Pink and Blue Brains

pink&blue

Gavin Keller
Principal Sun Valley Primary School
Education Consultant.

Boys and Girls are totally equal, just not the same. In our society, rightly committed to equality, we sometimes confuse equality with sameness. Parents and teachers have to understand that boys and girls are developmentally, psychologically and biologically different. If our goal is to raise and educate successful adults, we have to know how to bring the best out of both of them.

There are many boys and girls who would cope in a Pink or a Blue learning environment. But the majority don’t. This does not imply that single-sex schooling is the answer, because it isn’t. What matters is a knowledge of how the brain embeds memory. Parent and teacher education is at the heart of this success story.

So what do we need to know?

The brain loves DRUGS. Yes, we have a natural pharmacy in our brains. Girls need the calming drug called serotonin. Every time we make our daughters feel unique we produce the good drug. When we compliment them on their dress or hair their brains produce serotonin. Talking, sharing their emotions, doing something with a group of friends, sitting around a table chatting produces serotonin. It is powerful drug that makes a young girl feel that she can face the challenges of life and memory is embedded.

Schools often create PINK learning spaces. PINK teachers get the children into a calm circle to discuss an issue, then send them off into neatly organised smaller groups to produce a product. Many boys find this unrewarding and take every opportunity to misbehave by either throwing an eraser at a friend or distracting a mate. Their product is often displayed alongside the PINK serotonin model highlighting the difference. PINK products are compared with BLUE products and PINK teachers awards recognition for the neat, colourful and impressive detail.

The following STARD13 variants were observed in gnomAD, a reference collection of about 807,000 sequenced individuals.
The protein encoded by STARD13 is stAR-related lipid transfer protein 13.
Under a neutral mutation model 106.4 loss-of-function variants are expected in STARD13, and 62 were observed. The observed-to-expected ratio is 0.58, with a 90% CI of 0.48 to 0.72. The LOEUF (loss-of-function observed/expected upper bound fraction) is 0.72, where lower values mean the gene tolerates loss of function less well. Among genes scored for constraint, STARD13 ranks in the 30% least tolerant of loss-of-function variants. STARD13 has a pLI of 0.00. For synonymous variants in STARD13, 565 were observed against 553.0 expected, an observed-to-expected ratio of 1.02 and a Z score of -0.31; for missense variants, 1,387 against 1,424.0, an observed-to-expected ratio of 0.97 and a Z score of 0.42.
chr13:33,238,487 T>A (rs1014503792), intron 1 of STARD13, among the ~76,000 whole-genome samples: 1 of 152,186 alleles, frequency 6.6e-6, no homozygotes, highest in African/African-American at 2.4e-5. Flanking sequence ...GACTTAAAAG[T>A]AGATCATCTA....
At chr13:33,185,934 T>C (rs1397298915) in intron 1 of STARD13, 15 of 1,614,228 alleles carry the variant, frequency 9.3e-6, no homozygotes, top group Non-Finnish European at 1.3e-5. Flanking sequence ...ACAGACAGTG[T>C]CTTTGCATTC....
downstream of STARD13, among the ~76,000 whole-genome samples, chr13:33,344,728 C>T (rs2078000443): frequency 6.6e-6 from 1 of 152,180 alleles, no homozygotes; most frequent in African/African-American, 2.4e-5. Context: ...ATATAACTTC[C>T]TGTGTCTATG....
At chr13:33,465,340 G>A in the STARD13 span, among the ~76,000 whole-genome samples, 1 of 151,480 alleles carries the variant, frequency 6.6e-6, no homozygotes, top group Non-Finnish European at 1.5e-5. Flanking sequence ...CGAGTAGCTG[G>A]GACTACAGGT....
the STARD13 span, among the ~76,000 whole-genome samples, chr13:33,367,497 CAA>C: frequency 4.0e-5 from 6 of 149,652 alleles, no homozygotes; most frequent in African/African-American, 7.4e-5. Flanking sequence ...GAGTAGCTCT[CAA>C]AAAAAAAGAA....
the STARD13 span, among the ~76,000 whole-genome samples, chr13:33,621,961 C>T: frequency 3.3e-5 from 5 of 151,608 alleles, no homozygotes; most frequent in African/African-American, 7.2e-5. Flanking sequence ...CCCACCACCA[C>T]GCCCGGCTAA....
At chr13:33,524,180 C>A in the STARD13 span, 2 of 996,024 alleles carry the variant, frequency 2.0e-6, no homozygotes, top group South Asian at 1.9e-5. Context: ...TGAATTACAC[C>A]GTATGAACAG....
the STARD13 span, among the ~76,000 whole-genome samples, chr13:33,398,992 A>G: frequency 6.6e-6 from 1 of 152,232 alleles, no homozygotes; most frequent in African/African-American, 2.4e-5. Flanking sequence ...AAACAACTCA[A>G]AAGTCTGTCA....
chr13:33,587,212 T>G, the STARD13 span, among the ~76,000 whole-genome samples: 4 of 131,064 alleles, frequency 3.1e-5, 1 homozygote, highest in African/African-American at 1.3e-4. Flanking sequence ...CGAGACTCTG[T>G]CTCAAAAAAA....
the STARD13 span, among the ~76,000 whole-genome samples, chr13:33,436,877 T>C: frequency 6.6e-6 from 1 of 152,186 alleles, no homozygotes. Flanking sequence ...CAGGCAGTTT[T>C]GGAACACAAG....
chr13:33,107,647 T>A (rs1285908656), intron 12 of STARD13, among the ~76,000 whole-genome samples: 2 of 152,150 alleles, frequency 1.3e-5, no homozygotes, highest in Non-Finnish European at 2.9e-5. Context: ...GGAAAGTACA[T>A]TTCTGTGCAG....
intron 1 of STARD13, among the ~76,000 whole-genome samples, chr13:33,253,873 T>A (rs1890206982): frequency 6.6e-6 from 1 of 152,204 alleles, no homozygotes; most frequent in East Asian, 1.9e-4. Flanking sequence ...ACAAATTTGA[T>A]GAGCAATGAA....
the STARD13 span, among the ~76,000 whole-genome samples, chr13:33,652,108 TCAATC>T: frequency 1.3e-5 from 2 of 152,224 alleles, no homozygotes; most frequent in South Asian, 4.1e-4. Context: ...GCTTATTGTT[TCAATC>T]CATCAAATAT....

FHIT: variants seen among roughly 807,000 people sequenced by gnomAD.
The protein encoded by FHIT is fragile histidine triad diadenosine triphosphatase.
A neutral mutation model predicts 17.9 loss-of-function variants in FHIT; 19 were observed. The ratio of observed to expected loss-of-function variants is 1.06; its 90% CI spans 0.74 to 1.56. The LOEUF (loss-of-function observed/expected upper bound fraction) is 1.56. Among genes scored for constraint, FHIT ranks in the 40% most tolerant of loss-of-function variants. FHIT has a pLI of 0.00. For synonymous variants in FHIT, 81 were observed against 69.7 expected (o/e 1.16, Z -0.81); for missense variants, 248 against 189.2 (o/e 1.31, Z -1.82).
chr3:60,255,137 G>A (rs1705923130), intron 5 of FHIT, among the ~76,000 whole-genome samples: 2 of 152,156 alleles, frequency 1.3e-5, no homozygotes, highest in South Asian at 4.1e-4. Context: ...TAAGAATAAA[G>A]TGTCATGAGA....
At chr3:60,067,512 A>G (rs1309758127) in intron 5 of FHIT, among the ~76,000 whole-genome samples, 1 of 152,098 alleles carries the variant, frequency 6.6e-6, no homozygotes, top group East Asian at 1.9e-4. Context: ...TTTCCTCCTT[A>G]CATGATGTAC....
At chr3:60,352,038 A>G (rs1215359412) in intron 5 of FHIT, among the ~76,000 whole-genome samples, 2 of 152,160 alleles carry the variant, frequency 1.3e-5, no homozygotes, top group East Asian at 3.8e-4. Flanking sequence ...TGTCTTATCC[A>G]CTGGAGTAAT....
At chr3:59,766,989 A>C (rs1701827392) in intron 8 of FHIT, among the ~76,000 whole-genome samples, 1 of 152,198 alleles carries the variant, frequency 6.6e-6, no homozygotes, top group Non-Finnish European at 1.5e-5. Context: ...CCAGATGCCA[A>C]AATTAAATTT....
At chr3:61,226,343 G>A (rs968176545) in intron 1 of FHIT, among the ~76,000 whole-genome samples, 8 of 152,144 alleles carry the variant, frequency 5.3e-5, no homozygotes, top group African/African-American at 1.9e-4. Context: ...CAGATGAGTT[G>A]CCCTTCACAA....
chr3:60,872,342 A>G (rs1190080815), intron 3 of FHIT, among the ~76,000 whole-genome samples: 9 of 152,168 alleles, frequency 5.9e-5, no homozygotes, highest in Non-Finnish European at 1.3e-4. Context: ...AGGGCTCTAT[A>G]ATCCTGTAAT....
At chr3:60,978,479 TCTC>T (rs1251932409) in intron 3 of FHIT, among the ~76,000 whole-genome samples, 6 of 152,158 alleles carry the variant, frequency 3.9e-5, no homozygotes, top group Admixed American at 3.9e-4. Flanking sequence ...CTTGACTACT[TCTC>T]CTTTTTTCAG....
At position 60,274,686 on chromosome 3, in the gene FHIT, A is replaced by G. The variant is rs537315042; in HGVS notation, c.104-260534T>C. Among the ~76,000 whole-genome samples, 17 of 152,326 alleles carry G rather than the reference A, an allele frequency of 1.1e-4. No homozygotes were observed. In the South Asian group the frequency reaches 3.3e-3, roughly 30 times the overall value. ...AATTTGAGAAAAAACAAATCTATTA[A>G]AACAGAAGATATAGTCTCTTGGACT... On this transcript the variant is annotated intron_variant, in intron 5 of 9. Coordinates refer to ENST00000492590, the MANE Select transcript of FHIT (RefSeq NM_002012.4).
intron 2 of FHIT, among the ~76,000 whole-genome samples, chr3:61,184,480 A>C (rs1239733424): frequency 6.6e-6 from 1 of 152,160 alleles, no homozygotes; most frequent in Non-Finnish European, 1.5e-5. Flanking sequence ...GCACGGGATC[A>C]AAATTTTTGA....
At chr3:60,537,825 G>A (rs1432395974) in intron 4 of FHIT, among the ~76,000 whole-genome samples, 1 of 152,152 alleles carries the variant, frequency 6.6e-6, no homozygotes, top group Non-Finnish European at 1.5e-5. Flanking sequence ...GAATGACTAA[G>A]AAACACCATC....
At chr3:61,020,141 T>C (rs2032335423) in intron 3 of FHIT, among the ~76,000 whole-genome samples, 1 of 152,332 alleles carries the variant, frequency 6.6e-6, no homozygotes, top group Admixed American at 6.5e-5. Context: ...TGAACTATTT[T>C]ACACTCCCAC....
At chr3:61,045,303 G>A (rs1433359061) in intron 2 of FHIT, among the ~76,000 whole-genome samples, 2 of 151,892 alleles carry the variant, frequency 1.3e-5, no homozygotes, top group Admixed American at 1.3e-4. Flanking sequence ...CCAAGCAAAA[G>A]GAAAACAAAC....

BLUE brains need dopamine. This is the REWARD drug – the “pumping air with fist” drug. “Oh yeah!” Every time a boys exercises, plays sport, skates, cycles, surfs, kicks a ball around the garden his body produces dopamine. It makes him feel as though he is …”The Man!” Competition produces dopamine as does setting a challenge for a boy. One of the biggest sources of dopamine production in the BLUE brain is recognition – specifically recognition from another man. Researchers call this a “charismatic adult – someone who knows my names and smiles in recognition of my value”. Instead boys are often highlighted for failure, for making mistakes or for doing it wrong. Even Dad’s are often annoyed by their sons, sending implied messages that they are not good enough, smart enough or talented enough. When this happens dopamine floods away from the male brain.

When the brain produces cortisol, the stress drug, it shuts down all high order processing and forces the survival brain to react. This reaction is often demonstrated by negative outbursts or a withdrawal into childhood sadness.

Let’s give our PINK and BLUE brains an EQUAL chance. Find activities that feed their brains with both the reward drug and the calming drug. Then the neurotransmitters will transport the information to their Chief Executive Officer and embed memory for long-term mastery. The result, successful adults who value themselves and produce high expectations.

GK

About the blogger, Gavin Keller:

Principal – Sun Valley Primary

CEO: Sun Valley Group of Schools

Education Consultant – EduExcel

Our first Staffroom client, Gavin is a passionate educator and school leader who has used his research in neuro learning and leading to change a school and the community.  He shares the practical application of his studies with schools, corporates and leaders in order to improve performance and the quality of life.   His guidance is simple, humorous, but dynamic, a treat for all!

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